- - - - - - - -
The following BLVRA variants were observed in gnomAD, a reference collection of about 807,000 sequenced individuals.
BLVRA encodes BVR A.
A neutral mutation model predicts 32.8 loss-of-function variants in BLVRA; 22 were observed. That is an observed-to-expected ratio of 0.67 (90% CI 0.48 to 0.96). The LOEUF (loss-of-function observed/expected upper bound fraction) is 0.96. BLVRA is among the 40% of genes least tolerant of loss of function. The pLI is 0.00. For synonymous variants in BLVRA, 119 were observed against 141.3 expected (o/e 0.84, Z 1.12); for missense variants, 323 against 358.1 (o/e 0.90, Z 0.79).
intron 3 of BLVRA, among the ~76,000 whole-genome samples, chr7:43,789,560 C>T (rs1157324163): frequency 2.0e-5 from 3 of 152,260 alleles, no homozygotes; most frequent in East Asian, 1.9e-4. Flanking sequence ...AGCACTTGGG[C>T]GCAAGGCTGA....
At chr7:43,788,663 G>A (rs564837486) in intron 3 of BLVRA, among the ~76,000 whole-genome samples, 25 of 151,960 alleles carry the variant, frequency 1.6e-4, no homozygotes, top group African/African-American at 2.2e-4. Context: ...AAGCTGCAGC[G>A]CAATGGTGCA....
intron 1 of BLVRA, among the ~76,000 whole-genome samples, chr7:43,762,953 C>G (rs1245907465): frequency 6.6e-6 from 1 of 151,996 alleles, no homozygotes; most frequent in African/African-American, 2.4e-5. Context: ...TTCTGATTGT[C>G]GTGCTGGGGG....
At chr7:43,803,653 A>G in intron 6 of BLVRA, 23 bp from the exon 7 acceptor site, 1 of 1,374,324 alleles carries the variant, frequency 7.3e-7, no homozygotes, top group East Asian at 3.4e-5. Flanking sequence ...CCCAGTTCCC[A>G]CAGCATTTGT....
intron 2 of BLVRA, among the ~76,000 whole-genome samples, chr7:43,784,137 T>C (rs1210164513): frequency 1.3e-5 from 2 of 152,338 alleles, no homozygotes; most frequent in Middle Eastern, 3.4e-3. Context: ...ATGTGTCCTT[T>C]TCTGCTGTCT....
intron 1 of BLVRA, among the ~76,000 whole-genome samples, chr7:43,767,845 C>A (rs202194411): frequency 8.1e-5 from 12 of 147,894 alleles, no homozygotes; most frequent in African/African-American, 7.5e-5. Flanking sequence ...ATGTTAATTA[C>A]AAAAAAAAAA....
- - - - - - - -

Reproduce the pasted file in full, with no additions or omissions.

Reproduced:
The following BLVRA variants were observed in gnomAD, a reference collection of about 807,000 sequenced individuals.
BLVRA encodes BVR A.
A neutral mutation model predicts 32.8 loss-of-function variants in BLVRA; 22 were observed. That is an observed-to-expected ratio of 0.67 (90% CI 0.48 to 0.96). The LOEUF (loss-of-function observed/expected upper bound fraction) is 0.96. BLVRA is among the 40% of genes least tolerant of loss of function. The pLI is 0.00. For synonymous variants in BLVRA, 119 were observed against 141.3 expected (o/e 0.84, Z 1.12); for missense variants, 323 against 358.1 (o/e 0.90, Z 0.79).
intron 3 of BLVRA, among the ~76,000 whole-genome samples, chr7:43,789,560 C>T (rs1157324163): frequency 2.0e-5 from 3 of 152,260 alleles, no homozygotes; most frequent in East Asian, 1.9e-4. Flanking sequence ...AGCACTTGGG[C>T]GCAAGGCTGA....
At chr7:43,788,663 G>A (rs564837486) in intron 3 of BLVRA, among the ~76,000 whole-genome samples, 25 of 151,960 alleles carry the variant, frequency 1.6e-4, no homozygotes, top group African/African-American at 2.2e-4. Context: ...AAGCTGCAGC[G>A]CAATGGTGCA....
intron 1 of BLVRA, among the ~76,000 whole-genome samples, chr7:43,762,953 C>G (rs1245907465): frequency 6.6e-6 from 1 of 151,996 alleles, no homozygotes; most frequent in African/African-American, 2.4e-5. Context: ...TTCTGATTGT[C>G]GTGCTGGGGG....
At chr7:43,803,653 A>G in intron 6 of BLVRA, 23 bp from the exon 7 acceptor site, 1 of 1,374,324 alleles carries the variant, frequency 7.3e-7, no homozygotes, top group East Asian at 3.4e-5. Flanking sequence ...CCCAGTTCCC[A>G]CAGCATTTGT....
intron 2 of BLVRA, among the ~76,000 whole-genome samples, chr7:43,784,137 T>C (rs1210164513): frequency 1.3e-5 from 2 of 152,338 alleles, no homozygotes; most frequent in Middle Eastern, 3.4e-3. Context: ...ATGTGTCCTT[T>C]TCTGCTGTCT....
intron 1 of BLVRA, among the ~76,000 whole-genome samples, chr7:43,767,845 C>A (rs202194411): frequency 8.1e-5 from 12 of 147,894 alleles, no homozygotes; most frequent in African/African-American, 7.5e-5. Flanking sequence ...ATGTTAATTA[C>A]AAAAAAAAAA....